Business Ideas - Are people ignoring you? Secrets from Coca-Cola's Asa Candler.





The interactive transcript could not be loaded.



Rating is available when the video has been rented.
This feature is not available right now. Please try again later.
Published on Jul 2, 2012

http://www.evancarmichael.com/Masters/ - NEWEST VIDEO

Like this video? Please give it a thumbs up below and/or leave a comment - Thank you!!!

Today we're going to take a closer look at how a man that left school when he was 10 to work on his father's farm so that his little brother could go to school. He would go on to build one of the most recognizable companies in the world. This is the story of Coca-Cola founder Asa Candler and the top 3 lessons that you can learn from his success.

"Every human life is made to fit some place, and there is a place for every life." - Asa Candler

Asa Griggs Candler was born on December 30, 1851 in Villa Rica, Georgia, and was the eighth of eleven children. He grew up during the time of the American Civil War. Candler's father was a well-established merchant and property owner, but the war would take its toll on the family; they often had no more than the bare necessities. Candler's formal education began when he was five years old, but was sporadic throughout. When he was ten years old, he left school and spent his time working on his father's farm. While he could have opted to attend Emory College, he instead let his brother, Warren attend in his place.

Candler was anxious to enter the working world. He had an interest in the medical field, but with no money for medical school, he decided to pursue a career as a druggist. He took on an apprenticeship with two pharmacists in his hometown, but his earnings were meagre. So, Candler decided to move to Atlanta in search of better opportunities. In 1873, with just $1.75 in his pocket, Candler made the move to Atlanta and landed a job with a local druggist, George J. Howard. His early success and work ethic led to his promotion as chief clerk. However, after a falling out with Howard, Candler decided to strike out on his own and become his own boss.

Candler used to get migraines and one day they were so bad that he was willing to try whatever it took to get rid of it. He turned to a little known product that had been produced by a fellow Atlanta-based druggist, John Smyth Pemberton. Pemberton had created something called "Coca-Cola," his own personal fizzy 'brain tonic' and headache medicine that combined coca leaves and kola nuts. He had been selling the drink for five cents a glass at his own drugstore. It was created in his back yard in a three-legged fifteen-gallon pot that stood over a fire, and when Candler sampled it, he was immediately hooked. In what appeared to be a rash decision to onlookers, Candler decided at once to sell his entire stock of drugs, paints, oils, glass, and fancy clothes. He sold off everything he could and raised roughly $50,000. He initially invested $500 into Pemberton's company, but by the end of 1891, he had managed to gain control over the entire Coca-Cola product for just $2,300. He used the rest of the money to continue manufacturing and marketing the drink. Coca-Cola was born.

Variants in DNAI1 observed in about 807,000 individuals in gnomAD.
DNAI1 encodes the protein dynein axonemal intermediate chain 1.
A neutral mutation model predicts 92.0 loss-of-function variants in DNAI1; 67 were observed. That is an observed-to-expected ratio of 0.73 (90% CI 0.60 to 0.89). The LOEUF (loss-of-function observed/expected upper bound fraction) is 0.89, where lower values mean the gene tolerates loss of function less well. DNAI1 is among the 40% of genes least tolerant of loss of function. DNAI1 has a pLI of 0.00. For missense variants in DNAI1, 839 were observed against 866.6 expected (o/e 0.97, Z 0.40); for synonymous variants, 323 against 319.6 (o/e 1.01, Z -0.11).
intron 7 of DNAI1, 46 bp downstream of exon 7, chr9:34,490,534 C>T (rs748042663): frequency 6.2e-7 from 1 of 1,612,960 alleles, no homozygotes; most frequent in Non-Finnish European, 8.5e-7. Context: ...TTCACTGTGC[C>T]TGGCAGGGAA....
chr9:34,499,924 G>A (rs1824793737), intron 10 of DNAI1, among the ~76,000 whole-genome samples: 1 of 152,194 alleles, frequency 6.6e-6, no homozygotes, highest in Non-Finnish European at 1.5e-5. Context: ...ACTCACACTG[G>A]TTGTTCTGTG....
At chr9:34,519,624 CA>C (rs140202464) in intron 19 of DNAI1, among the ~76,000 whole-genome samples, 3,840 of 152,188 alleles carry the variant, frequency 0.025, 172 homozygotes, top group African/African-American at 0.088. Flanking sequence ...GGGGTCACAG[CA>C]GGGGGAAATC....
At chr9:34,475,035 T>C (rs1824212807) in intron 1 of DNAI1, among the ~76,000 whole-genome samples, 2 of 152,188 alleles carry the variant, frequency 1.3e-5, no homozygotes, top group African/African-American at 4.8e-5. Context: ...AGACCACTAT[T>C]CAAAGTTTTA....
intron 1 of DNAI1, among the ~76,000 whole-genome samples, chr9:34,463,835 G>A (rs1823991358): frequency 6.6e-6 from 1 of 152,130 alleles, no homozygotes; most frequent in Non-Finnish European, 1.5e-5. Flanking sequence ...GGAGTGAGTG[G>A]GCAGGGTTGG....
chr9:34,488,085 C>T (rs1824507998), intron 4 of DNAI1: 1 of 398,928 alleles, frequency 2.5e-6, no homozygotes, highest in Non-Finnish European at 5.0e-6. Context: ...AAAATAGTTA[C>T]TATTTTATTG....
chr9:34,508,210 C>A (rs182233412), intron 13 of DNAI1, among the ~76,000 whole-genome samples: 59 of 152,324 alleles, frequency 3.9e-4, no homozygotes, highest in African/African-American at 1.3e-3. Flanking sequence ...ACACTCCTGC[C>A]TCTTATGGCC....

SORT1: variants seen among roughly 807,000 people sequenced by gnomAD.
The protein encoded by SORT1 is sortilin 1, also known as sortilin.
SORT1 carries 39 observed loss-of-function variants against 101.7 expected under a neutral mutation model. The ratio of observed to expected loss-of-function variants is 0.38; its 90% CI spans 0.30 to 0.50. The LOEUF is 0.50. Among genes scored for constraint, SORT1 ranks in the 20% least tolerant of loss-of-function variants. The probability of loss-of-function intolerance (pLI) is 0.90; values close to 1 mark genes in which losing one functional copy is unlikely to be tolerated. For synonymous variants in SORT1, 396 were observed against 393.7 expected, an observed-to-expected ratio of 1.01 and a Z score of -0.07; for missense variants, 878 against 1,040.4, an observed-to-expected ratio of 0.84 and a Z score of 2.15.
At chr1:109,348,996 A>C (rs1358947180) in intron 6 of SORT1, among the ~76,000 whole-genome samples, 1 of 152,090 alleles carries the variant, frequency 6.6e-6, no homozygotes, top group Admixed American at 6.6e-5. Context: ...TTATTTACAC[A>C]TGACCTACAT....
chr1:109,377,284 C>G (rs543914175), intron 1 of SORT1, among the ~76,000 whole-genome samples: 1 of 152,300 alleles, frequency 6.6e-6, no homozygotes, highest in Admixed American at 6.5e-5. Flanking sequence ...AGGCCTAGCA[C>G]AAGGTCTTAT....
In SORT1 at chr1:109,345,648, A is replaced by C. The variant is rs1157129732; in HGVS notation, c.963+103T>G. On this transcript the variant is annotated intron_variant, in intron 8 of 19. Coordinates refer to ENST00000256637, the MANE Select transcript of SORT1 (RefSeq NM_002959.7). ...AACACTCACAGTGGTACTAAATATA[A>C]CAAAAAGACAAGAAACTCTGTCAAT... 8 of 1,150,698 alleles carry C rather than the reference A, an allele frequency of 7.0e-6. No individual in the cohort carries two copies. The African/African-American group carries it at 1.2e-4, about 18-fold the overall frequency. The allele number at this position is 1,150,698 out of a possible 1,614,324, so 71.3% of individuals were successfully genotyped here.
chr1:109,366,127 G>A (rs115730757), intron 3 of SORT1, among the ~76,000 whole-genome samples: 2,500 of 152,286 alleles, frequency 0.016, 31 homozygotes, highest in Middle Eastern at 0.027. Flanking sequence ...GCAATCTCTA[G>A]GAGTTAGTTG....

Action Item #1: Make People Remember Your Product

Action Item #2: Be Unique

Action Item #3: If it Ain't Broke, Don't Fix It

True Story

Asa Candler was a strong businessperson and aggressive when it came to all of his ventures, but he believed personal wealth should benefit the community. Unheard of in his day, he would challenge other wealthy business people to match everything he gave to charity. A lot of this money went towards the building of Wesley Memorial Hospital, which is now known as Emory University Hospital. Candler did a lot for education and is considered the founder of Emory University.

According to one story, he would not associate with other business people that did not share his point of view about giving back to the community. This feeling was proven in public when he slapped one of the richest men in Atlanta at the time for not giving money to help expand Emory University. This story ran in all the local newspapers and was front-page news for more than a week, until the wealthy businessperson finally gave $12,500 to the university and did it publicly.


"I wish that the characteristic excellence of our people may be made better and that the things which blemish our lives may be speedily obliterated."

"The product sold itself, I just wanted to remind people it was one of a kind."

"Every human life is made to fit some place, and there is a place for every life."

What Do You Think?

Do you make your marketing memorable? Is your product unique or have unique features? Are you making changes that do not need to be made? Tell me what you think by leaving a message below.

  • Category

  • License

    • Standard YouTube License



to add this to Watch Later

Add to

Loading playlists...